Left ventricular assist device management in patients chronically supported for advanced heart failure.

Division of Cardiovascular Medicine, Section of Cardiac Surgery, University of Michigan Health System, Ann Arbor, MI 48109, USA.
Current opinion in cardiology (Impact Factor: 2.59). 03/2011; 26(2):149-54. DOI: 10.1097/HCO.0b013e3283438258
Source: PubMed

ABSTRACT This review summarizes management strategies to reduce morbidity and mortality in heart failure patients supported chronically with implantable left ventricular assist devices (LVADs).
As the population of patients supported with long-term LVADs has grown, patient selection, operative technique, and patient management strategies have been refined, leading to improved outcomes. This review summarizes recent findings on LVAD candidate selection, and discusses outpatient strategies to optimize device performance and heart failure management. It also reviews important device complications that warrant close outpatient monitoring.
Managing patients on chronic LVAD support requires regular patient follow-up, multidisciplinary care teams, and frequent laboratory and echocardiographic surveillance to ensure optimal outcomes.

  • [Show abstract] [Hide abstract]
    ABSTRACT: The prevalence of heart failure is increasing and the prognosis in the terminal phase is dismal. The gold-standard therapy in end-stage heart failure remains cardiac transplantation at the present time, but there is a great excess of eligible candidates compared with the number of donor organs, so alternative strategies are needed. The usefulness of left ventricular assist device as destination therapy is one of the objectives pursued since the first devices began to be developed; the technological and design improvements in ventricular assist devices in the last 20 years has allowed its use in these patients. Data from multicenter trials and registries have demonstrated an improvement in survival and quality of life in patients with advanced heart failure when they are implanted as outpatient long-term support. The REMATCH (Randomized Evaluation of Mechanical Assistance for the Treatment of Congestive Heart Failure) trial entailed the scientific confirmation of that benefit and other later studies support it. The present article discusses many aspects of ventricular assistance as destination therapy: lessons learned with the different devices along the years, the complications and morbidity associated with them or the specific designed clinical trials. There is a special emphasis on destination therapy patient’s selection and on specific risk scores for ventricular assistance; other options for long-term support less used as the total artificial heart or implantable micro-pumps are also briefly considered.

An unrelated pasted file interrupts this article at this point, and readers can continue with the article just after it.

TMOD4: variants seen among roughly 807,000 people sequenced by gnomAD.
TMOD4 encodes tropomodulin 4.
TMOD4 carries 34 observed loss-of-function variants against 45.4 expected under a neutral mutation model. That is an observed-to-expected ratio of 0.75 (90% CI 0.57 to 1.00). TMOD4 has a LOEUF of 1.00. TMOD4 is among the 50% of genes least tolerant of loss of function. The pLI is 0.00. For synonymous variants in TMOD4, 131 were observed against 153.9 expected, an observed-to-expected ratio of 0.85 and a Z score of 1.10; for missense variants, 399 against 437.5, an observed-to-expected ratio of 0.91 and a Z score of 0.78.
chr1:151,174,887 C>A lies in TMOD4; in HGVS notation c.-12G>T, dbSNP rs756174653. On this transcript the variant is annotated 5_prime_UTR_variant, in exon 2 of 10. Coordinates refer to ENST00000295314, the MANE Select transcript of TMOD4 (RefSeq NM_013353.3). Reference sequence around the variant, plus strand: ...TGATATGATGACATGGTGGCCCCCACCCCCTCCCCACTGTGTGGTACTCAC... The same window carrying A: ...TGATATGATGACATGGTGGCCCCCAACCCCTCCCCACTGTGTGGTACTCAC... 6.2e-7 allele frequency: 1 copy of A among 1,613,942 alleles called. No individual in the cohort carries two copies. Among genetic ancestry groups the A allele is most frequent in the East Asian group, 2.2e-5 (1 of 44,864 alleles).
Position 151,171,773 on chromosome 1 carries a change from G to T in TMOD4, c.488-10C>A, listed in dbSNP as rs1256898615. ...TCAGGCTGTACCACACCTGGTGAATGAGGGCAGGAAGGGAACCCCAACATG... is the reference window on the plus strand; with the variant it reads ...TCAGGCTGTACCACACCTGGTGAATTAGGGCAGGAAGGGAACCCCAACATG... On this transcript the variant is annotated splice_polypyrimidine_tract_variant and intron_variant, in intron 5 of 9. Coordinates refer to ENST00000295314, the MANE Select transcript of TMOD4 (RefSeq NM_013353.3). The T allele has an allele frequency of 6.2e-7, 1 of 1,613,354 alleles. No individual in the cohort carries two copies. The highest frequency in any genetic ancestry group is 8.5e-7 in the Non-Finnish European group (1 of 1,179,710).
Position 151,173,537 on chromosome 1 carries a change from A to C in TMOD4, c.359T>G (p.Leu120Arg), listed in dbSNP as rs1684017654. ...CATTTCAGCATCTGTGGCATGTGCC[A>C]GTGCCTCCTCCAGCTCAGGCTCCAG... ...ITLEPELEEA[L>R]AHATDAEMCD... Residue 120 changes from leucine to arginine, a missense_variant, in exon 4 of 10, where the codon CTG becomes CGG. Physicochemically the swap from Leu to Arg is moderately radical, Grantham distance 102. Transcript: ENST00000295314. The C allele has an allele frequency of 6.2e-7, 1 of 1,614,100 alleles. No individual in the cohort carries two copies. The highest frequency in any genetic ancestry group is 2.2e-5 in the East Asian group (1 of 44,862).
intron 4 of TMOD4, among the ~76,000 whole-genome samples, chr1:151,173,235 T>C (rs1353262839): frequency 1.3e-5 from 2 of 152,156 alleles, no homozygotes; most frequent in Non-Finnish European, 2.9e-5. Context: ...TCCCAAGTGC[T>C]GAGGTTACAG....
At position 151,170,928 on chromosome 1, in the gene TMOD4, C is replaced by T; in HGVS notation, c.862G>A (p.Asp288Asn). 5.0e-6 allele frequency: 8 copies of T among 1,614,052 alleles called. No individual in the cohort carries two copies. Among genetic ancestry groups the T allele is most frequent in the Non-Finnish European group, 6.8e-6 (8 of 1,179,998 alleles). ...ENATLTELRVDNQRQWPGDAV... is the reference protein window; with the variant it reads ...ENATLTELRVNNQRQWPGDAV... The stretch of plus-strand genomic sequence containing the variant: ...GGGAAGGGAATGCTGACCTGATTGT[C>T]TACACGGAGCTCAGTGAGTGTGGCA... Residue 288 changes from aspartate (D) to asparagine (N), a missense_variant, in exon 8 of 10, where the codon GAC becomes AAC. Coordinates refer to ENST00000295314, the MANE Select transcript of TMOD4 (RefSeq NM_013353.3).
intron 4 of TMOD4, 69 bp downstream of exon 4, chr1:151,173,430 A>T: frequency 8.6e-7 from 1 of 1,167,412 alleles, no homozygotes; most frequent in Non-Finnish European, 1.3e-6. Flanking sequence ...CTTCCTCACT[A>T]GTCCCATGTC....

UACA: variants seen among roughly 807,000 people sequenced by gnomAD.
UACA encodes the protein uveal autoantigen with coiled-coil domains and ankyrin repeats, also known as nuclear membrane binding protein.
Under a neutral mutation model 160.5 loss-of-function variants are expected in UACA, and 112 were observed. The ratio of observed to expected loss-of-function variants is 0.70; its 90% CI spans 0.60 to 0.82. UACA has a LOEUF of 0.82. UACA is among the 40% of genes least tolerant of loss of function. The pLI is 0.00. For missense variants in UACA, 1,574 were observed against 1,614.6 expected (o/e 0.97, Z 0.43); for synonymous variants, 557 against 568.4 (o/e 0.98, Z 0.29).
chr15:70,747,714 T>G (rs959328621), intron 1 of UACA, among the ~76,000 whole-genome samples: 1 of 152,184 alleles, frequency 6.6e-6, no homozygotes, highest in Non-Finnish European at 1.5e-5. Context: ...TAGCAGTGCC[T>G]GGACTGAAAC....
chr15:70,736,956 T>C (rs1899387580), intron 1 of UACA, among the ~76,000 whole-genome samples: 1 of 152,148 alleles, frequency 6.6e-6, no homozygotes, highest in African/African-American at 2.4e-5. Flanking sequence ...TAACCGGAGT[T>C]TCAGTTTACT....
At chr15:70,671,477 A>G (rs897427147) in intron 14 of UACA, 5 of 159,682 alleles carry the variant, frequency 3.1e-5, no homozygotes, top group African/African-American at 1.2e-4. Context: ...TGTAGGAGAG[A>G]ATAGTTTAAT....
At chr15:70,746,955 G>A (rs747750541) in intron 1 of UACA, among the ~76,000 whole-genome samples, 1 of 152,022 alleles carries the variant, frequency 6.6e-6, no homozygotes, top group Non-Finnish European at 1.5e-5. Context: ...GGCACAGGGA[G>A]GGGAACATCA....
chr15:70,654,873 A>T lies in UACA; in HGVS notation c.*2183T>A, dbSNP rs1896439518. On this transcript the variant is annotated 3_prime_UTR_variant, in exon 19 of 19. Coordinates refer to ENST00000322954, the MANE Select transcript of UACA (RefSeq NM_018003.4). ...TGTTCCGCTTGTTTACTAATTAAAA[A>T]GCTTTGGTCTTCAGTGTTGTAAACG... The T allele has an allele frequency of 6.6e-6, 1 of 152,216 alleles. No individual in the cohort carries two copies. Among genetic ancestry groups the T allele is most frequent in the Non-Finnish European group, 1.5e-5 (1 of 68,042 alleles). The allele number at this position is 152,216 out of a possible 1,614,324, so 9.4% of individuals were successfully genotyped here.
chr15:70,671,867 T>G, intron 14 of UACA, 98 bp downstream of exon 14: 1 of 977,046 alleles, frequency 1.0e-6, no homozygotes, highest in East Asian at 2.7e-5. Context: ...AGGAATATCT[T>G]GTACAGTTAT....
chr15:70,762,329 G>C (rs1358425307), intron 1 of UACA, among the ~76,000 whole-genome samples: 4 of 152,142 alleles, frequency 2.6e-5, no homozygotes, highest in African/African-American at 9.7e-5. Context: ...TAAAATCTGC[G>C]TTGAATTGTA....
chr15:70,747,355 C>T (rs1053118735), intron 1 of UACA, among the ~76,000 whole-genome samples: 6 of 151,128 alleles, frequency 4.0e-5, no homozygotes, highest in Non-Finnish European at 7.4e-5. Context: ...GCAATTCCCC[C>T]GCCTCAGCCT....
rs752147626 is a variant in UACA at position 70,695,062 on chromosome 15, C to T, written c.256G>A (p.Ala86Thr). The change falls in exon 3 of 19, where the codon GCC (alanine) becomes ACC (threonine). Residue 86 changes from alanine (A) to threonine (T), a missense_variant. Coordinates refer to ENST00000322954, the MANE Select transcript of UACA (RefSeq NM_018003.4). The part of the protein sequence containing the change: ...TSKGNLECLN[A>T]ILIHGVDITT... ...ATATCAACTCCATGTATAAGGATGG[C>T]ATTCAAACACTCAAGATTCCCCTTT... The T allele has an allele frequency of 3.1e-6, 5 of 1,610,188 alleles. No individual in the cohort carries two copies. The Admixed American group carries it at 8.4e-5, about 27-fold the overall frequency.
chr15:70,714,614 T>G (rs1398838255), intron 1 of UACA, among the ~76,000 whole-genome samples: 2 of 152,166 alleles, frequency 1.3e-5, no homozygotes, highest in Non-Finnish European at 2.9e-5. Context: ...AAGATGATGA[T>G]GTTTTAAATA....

07/2011; 18(3):175–188. DOI:10.1016/S1134-0096(11)70053-5
  • [Show abstract] [Hide abstract]
    ABSTRACT: Ventricular assist devices (VAD) have become an established therapy for patients with end-stage heart failure. The two main reasons for this development are the shortage of appropriate donor organs and the increasing number of patients waiting for heart transplantation (HTX). Furthermore, the enormous advances in the technical equipment and the rising clinical experience have improved the implantation technique, the durability and the long-term patient outcomes.
  • [Show abstract] [Hide abstract]
    ABSTRACT: Renal impairment is a frequent complication of cardio-renal syndrome that increases mortality and morbidity. This is even more likely when renal replacement therapy is required, precluding in many cases transplantation and seriously limiting life expectancy. We describe the first case of refractory heart failure in a patient with a left ventricular assist device (LVAD) implanted as destination therapy. He underwent intermittent hemodialysis (HD) treatment as an outpatient with good quality of life.
    Clinical nephrology 07/2013; 82(6). DOI:10.5414/CN107894 · 1.23 Impact Factor

Full-text (2 Sources)

Available from
May 31, 2014